Then I realized that I wanted that for my own site, to let people tell me when I had gaffes in need of repair.  It’s an almost-wiki, where the crowd can flag errors that need to be corrected without having to edit the source themselves—or have the power to edit it themselves, for that matter, which is an open door for abuse.

I haven’t thought this through in tons of detail, but here’s how it feels in my head:

  • Visitors highlight a typo and click a button to report it.  Or else click a button to start reporting, highlight a word, and click again to submit.  This part is kind of fuzzy in my head, and yes, “click” is not the best term here, but it’s one we all understand.
  • Interesting extra feature: the ability to classify the type of error when reporting.  For example: apostrophe, misspelling, parallelism, pronoun trouble.
  • Other interesting extra feature: the ability to inform users of the ground rules before they report.  For example: “This site uses British punctuation rules, the Oxford comma, and American spelling.”  (Which I do.)
  • The author gets notice whenever an error is reported, or else can opt for a daily digest.
  • Each notice lets the author quickly accept or reject the reported error, much as can be done with edits in MS Word and similar programs, along with a link that will jump the author straight to the reported error so they can see it in context.  If rejected, future reports of that word are disabled.  If accepted, the change is made immediately, without requiring a dive into the CMS.
  • When an error is reported, future visitors to the site will see any already-reported errors in highlight.  This keeps them from reporting the same thing over and over, and also acts as incentive to the author to fix errors quickly.  (The highlight style could be customizable.)
  • Reports can only happen at the word level, not the individual letter level.  So reporting an “it’s” error highlights all of “it’s”, not just the offending apostrophe.  Perhaps also for multiple words, though only up to a certain number, like three.  And yes, I’m keenly aware of the challenges of defining a “word” in an internationally-aware manner, but perhaps in ideographic languages you switch to per-symbol.  (Not an expert here, so take that with a few grinders of salt.)
  • The author can optionally limit the number of reports permitted per hour/day/whatever.  This could be enforced globally or on a per-user basis, though globally is a tad more robust.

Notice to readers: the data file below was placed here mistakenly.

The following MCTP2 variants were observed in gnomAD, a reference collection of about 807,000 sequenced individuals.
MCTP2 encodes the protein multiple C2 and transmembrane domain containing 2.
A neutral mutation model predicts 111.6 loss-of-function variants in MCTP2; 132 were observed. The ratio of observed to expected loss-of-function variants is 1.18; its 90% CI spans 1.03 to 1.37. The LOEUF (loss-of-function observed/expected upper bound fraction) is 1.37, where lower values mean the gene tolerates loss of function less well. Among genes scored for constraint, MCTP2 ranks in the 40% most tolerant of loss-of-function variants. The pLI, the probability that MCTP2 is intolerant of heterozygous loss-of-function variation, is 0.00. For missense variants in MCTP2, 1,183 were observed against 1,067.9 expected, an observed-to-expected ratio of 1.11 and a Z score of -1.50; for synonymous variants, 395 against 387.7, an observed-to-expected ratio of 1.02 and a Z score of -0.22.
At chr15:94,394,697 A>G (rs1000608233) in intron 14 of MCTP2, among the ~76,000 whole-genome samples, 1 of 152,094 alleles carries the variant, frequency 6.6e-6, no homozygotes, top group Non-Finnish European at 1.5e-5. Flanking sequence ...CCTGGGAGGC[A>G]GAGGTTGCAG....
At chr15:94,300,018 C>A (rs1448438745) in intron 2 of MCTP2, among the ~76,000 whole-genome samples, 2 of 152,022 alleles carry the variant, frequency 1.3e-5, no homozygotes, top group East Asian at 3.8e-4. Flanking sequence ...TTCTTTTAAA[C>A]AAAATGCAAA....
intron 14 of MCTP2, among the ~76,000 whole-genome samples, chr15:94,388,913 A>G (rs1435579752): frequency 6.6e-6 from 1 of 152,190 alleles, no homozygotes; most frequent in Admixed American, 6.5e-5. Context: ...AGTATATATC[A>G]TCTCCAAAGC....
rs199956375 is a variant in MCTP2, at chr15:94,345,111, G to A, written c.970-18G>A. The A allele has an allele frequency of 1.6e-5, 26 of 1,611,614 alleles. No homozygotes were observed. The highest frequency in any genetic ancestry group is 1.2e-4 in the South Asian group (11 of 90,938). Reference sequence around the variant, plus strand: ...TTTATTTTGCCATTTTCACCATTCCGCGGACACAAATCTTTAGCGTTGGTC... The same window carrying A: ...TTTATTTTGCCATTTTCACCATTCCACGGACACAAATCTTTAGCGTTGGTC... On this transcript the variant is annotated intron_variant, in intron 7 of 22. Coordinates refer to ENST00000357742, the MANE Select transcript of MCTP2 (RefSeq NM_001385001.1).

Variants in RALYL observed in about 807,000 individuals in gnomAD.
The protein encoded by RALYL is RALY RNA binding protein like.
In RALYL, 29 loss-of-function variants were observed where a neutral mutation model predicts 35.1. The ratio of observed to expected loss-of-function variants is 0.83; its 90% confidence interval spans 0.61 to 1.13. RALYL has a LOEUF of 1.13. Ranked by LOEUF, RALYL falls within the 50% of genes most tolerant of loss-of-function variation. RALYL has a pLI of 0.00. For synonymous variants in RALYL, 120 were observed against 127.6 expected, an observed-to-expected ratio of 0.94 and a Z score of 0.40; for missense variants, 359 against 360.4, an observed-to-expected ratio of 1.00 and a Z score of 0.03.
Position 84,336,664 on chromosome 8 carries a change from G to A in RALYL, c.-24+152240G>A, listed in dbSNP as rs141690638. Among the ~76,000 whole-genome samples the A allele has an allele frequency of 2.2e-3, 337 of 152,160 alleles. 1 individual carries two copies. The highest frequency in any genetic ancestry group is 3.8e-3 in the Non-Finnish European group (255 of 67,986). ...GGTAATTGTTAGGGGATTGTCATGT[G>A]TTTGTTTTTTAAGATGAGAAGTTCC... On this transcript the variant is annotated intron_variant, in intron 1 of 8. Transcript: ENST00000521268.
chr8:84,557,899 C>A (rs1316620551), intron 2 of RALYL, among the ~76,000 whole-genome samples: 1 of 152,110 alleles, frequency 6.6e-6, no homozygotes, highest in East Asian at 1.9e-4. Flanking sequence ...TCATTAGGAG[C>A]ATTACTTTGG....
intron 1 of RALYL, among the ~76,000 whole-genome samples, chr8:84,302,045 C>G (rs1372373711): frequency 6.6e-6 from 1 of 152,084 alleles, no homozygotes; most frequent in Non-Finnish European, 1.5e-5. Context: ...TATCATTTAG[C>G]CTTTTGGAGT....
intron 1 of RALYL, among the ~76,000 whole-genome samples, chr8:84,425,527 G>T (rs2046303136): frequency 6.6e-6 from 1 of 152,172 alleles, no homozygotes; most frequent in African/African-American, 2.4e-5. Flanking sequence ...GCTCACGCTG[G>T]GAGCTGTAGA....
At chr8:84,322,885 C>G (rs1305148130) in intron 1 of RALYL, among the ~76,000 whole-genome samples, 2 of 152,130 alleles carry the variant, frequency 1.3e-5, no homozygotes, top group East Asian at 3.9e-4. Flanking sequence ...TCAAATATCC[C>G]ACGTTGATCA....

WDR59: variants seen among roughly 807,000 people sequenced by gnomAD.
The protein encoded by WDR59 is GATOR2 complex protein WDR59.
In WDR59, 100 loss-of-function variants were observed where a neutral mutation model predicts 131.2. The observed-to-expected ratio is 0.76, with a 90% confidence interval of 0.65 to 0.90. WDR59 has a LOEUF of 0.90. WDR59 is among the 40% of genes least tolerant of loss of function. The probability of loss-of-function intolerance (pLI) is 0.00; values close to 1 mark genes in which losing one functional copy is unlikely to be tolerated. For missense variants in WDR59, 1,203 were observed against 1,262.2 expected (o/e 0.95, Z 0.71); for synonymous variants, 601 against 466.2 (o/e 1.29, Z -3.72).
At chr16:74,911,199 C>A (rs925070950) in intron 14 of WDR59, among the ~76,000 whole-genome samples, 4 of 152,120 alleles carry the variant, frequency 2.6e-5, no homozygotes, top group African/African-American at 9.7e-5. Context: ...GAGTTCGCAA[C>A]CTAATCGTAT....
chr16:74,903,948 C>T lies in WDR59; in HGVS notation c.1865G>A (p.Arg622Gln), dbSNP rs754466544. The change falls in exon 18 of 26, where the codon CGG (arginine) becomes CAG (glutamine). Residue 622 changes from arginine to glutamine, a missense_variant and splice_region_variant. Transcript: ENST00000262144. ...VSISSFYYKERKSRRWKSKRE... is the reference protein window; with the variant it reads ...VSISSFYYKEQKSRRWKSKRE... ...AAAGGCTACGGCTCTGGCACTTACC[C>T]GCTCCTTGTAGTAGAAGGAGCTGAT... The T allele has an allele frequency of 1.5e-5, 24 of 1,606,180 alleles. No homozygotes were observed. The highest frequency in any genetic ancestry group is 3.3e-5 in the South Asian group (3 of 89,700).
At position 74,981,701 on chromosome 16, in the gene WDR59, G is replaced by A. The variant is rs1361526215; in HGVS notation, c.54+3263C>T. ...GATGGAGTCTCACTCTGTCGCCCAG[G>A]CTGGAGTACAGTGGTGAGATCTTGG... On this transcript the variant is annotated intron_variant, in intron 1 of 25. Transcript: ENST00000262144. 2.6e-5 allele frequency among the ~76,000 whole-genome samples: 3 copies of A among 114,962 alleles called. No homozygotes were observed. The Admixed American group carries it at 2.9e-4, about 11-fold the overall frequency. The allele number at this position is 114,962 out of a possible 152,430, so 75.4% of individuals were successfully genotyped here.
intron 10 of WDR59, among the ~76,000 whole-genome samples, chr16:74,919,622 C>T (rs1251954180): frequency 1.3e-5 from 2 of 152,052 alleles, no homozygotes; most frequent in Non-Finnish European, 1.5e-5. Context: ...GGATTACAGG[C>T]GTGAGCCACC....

That’s how I see it working, after a few minutes’ thought.  It seems pretty achievable as a CMS plugin, actually, though I confess that I don’t have anywhere close to the time and coding chops needed to make it happen right now (or any time soon).  The biggest challenge to me seems like the “edit-on-accept-without-CMS-diving” part, since there are so many CMSes and particularly since static sites are staging a comeback.  Still, I think it would be a fun and worthwhile project for someone out there.  If somebody takes it on, I’d love to follow along and see where it ends up, particularly if they do it for WordPress (which is what the blog hereabouts runs on).

When Spambots Break, We Fisk It

A while back, a spambot stopped by my 2006 post “Unitless line-heights”, dumped what appears to be its complete response configuration file into my comment form, and submitted it.  Being something of a Dadaist at heart, I went ahead and published it—and yet, somehow, that wasn’t enough.  I believe the whole world should have the opportunity to savor its multifaceted and sometimes contradictory opinions, so I present it here in its entirety (and its character encoding errors) with a few bits of commentary by yours truly.

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In fact, line-height values have long been the topic that dare not speak its name.  I hope it is not too immodest of me to say that writing about these subjects took no small measure of personal courage.

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When I initially commented I appear to have clicked on the -Notify me when new comments are added- checkbox and now each time a comment is added I get four emails with the same comment. Perhaps there is an easy method you can remove me from that service? Kudos!

I assume there’s some perceived value in drawing even more attention to the email address and web site associated with this comment, but I can’t figure out what.

The next time I read a blog, I hope that it doesn’t fail me as much as this one. After all, I know it was my choice to read, nonetheless I actually thought you would probably have something helpful to talk about. All I hear is a bunch of whining about something that you could fix if you weren’t too busy seeking attention.

OHHHH SICK BURN.  Actually, I’m very slightly impressed by the attempted use of reverse psychology, even though I suspect the vast majority of people would just delete a comment like that without ever realizing it was a spambot.

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Oh, no… thank you.

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I only wish that comment had somehow ended up on a post about the importance of spellchecking.